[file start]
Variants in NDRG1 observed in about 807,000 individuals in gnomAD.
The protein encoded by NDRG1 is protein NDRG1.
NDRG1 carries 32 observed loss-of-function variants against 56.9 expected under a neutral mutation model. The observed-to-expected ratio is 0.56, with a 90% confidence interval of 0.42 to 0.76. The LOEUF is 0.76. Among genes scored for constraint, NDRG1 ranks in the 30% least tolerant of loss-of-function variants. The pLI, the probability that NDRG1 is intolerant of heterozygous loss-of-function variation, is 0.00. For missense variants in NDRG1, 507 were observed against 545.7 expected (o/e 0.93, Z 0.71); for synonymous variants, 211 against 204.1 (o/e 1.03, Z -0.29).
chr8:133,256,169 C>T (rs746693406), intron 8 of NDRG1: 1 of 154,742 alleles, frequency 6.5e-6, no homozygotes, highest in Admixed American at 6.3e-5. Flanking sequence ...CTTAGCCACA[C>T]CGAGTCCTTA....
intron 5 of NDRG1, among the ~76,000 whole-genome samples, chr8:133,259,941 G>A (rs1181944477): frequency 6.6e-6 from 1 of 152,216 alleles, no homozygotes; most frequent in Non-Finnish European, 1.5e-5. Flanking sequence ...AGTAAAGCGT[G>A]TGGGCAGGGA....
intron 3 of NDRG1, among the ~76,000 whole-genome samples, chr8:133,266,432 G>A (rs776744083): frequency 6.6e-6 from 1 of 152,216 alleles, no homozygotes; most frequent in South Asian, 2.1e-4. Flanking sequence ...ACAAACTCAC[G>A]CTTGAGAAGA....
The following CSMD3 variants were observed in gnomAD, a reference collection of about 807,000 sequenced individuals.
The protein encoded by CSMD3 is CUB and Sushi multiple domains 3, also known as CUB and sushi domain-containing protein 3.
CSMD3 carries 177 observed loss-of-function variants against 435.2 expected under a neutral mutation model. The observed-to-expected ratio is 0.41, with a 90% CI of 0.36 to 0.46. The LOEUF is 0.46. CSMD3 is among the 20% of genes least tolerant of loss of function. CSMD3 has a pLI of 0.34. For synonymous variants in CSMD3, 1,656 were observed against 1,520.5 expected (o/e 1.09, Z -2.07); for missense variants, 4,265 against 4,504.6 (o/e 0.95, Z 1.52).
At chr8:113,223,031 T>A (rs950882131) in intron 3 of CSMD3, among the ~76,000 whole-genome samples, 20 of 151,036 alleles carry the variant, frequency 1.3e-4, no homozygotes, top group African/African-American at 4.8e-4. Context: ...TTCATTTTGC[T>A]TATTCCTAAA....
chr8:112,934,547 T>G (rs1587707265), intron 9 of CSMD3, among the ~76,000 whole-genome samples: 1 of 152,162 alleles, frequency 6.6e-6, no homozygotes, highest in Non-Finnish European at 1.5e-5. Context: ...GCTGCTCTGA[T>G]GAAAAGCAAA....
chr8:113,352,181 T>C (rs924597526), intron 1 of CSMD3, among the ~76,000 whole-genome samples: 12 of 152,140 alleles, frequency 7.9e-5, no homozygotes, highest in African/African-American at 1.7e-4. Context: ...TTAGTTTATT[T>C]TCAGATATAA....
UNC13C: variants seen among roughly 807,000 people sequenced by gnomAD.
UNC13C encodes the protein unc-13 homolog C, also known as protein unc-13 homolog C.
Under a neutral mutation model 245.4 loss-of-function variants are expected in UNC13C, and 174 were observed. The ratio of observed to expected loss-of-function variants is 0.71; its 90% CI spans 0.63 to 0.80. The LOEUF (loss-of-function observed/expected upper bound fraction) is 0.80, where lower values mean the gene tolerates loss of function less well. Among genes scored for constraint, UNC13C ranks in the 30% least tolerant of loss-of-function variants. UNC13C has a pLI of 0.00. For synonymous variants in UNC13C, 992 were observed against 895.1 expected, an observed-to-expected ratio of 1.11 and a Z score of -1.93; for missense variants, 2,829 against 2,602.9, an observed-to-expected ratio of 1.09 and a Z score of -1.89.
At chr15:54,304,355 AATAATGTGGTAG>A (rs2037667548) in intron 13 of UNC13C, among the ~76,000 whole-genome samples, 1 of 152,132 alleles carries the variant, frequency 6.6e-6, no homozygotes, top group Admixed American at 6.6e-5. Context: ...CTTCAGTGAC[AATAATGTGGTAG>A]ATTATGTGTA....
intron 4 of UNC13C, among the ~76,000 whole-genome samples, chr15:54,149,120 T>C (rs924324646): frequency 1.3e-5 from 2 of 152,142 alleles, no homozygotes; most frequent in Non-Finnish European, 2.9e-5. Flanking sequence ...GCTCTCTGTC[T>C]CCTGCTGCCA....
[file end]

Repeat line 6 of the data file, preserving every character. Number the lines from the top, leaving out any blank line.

intron 3 of NDRG1, among the ~76,000 whole-genome samples, chr8:133,266,432 G>A (rs776744083): frequency 6.6e-6 from 1 of 152,216 alleles, no homozygotes; most frequent in South Asian, 2.1e-4. Flanking sequence ...ACAAACTCAC[G>A]CTTGAGAAGA....